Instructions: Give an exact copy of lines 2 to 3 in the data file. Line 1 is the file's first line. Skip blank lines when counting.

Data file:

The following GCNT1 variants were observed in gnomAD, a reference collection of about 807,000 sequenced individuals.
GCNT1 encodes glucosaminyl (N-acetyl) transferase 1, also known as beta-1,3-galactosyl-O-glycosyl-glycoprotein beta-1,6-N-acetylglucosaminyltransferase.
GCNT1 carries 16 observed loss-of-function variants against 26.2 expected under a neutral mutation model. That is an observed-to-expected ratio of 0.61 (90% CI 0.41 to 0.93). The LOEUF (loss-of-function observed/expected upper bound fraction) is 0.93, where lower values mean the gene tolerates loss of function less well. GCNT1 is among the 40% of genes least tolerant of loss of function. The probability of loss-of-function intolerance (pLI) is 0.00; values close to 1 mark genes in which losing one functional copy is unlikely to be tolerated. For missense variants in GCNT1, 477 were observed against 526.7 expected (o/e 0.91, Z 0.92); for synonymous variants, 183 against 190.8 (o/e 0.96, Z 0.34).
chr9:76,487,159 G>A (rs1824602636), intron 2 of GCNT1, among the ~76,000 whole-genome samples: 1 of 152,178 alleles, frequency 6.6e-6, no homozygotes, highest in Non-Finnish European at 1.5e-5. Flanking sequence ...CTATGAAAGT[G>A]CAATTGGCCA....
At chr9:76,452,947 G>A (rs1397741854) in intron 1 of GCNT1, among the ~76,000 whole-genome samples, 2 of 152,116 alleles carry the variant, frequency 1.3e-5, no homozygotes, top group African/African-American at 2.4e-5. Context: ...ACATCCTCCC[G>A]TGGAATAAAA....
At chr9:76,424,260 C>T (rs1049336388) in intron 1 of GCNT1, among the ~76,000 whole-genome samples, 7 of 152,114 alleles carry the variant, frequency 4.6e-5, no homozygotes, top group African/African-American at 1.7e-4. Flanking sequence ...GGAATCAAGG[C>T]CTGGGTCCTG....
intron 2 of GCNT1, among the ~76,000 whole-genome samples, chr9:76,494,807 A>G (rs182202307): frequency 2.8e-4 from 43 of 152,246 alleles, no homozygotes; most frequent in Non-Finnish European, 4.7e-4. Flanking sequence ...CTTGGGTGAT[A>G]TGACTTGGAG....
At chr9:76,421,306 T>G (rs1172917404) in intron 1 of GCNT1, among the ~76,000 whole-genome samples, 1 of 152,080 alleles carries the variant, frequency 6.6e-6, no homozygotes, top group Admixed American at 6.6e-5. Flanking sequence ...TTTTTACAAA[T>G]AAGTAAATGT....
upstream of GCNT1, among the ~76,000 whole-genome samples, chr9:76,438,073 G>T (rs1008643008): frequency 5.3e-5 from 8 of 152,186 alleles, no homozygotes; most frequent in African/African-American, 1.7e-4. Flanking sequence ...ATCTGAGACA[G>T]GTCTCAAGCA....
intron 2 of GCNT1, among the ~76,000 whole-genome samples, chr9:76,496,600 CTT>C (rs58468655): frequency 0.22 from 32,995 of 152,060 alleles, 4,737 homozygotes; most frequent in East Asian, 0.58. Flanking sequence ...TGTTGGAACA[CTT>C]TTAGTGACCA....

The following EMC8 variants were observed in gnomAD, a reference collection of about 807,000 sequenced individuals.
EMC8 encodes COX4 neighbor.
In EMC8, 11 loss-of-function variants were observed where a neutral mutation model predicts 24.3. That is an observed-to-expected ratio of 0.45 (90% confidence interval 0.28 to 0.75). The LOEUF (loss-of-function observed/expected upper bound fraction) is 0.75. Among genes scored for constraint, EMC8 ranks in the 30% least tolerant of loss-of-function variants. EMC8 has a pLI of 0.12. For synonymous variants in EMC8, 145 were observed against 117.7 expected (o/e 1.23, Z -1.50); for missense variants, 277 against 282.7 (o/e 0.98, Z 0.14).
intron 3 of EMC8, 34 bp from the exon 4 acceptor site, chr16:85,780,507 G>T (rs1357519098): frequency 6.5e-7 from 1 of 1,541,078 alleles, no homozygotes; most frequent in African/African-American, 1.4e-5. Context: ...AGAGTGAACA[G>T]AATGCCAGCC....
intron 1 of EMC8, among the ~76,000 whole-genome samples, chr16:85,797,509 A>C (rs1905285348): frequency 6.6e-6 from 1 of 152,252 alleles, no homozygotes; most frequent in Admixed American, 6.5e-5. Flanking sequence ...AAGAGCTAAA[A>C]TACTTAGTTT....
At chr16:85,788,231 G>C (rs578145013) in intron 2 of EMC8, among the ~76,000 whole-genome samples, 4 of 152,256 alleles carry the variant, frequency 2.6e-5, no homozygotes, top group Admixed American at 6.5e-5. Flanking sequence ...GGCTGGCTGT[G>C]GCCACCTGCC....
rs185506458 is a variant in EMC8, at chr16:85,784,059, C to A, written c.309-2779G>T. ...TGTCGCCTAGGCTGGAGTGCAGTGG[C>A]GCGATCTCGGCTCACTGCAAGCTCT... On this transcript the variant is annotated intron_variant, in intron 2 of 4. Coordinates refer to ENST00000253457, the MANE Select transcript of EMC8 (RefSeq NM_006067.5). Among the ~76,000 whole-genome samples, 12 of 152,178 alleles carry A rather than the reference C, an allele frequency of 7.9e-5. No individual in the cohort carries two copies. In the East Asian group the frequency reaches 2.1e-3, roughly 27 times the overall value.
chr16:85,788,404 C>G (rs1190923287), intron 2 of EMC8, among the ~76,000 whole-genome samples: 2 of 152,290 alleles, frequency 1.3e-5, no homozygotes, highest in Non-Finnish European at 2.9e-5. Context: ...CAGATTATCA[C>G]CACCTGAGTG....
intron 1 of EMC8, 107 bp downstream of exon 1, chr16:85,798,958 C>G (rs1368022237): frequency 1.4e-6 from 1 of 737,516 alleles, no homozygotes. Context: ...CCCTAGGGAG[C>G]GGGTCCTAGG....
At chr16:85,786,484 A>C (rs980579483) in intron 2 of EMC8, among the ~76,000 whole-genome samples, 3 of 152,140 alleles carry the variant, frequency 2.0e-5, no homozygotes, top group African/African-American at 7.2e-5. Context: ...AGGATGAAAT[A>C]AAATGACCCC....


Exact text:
GCNT1 encodes glucosaminyl (N-acetyl) transferase 1, also known as beta-1,3-galactosyl-O-glycosyl-glycoprotein beta-1,6-N-acetylglucosaminyltransferase.
GCNT1 carries 16 observed loss-of-function variants against 26.2 expected under a neutral mutation model. That is an observed-to-expected ratio of 0.61 (90% CI 0.41 to 0.93). The LOEUF (loss-of-function observed/expected upper bound fraction) is 0.93, where lower values mean the gene tolerates loss of function less well. GCNT1 is among the 40% of genes least tolerant of loss of function. The probability of loss-of-function intolerance (pLI) is 0.00; values close to 1 mark genes in which losing one functional copy is unlikely to be tolerated. For missense variants in GCNT1, 477 were observed against 526.7 expected (o/e 0.91, Z 0.92); for synonymous variants, 183 against 190.8 (o/e 0.96, Z 0.34).